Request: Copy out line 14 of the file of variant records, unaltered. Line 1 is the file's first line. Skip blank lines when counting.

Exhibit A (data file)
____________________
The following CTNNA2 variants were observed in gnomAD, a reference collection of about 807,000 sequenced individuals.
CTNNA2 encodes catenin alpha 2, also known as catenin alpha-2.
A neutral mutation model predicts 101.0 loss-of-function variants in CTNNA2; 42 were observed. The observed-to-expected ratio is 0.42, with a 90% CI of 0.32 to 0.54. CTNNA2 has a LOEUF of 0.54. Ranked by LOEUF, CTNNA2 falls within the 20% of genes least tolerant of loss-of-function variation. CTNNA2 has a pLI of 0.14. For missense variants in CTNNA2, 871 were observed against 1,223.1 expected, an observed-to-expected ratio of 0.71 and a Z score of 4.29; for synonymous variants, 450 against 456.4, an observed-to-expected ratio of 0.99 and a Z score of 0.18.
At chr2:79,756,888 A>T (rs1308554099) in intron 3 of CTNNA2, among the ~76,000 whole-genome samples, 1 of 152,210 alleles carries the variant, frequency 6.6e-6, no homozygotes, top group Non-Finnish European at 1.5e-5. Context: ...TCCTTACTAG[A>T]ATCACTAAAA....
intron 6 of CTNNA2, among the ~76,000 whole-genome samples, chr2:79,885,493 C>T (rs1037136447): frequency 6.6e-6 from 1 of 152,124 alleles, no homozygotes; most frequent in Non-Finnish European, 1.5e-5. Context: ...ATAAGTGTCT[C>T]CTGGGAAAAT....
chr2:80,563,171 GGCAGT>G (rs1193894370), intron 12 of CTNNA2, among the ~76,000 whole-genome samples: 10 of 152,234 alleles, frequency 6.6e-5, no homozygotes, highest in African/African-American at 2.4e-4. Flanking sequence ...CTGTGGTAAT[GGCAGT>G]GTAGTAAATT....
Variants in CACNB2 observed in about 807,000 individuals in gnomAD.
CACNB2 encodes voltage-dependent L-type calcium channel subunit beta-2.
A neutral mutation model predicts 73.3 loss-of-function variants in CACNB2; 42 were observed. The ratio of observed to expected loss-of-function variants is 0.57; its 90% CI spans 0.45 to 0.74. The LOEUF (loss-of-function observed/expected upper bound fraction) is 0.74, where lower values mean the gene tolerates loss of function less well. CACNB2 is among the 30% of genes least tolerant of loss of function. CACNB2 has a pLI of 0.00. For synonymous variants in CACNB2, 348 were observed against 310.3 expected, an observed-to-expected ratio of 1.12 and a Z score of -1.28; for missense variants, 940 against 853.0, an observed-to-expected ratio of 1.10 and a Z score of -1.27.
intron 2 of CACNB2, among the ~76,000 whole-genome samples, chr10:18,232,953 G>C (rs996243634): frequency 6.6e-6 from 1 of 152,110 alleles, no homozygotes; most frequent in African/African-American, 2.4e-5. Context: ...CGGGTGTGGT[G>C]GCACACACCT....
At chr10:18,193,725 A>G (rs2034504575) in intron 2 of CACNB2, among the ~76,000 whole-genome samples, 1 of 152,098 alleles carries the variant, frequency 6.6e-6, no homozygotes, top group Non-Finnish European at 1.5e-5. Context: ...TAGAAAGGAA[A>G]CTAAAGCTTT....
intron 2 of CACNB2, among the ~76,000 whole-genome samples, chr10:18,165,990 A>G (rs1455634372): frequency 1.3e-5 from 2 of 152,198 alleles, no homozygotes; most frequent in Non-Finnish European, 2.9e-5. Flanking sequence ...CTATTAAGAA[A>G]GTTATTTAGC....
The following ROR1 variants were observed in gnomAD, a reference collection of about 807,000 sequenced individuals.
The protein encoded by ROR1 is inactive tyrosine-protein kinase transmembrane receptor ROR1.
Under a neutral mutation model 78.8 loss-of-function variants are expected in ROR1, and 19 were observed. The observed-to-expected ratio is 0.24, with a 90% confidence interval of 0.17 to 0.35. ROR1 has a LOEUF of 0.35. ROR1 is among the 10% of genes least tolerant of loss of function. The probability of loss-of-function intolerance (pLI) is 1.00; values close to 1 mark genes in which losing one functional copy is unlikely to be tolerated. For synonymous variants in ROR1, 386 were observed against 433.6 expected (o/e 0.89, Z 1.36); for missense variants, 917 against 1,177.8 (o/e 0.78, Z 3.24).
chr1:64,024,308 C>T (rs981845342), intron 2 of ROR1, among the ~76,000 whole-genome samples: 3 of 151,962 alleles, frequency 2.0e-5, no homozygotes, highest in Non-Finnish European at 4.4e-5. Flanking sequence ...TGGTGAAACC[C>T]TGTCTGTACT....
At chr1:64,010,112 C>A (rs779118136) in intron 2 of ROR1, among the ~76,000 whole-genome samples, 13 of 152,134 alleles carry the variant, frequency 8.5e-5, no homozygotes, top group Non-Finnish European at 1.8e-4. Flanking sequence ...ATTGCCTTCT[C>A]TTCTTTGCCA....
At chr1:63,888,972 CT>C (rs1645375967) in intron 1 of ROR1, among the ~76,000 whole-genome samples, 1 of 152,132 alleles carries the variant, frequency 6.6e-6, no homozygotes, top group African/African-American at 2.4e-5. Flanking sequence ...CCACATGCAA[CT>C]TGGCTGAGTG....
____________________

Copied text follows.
The protein encoded by ROR1 is inactive tyrosine-protein kinase transmembrane receptor ROR1.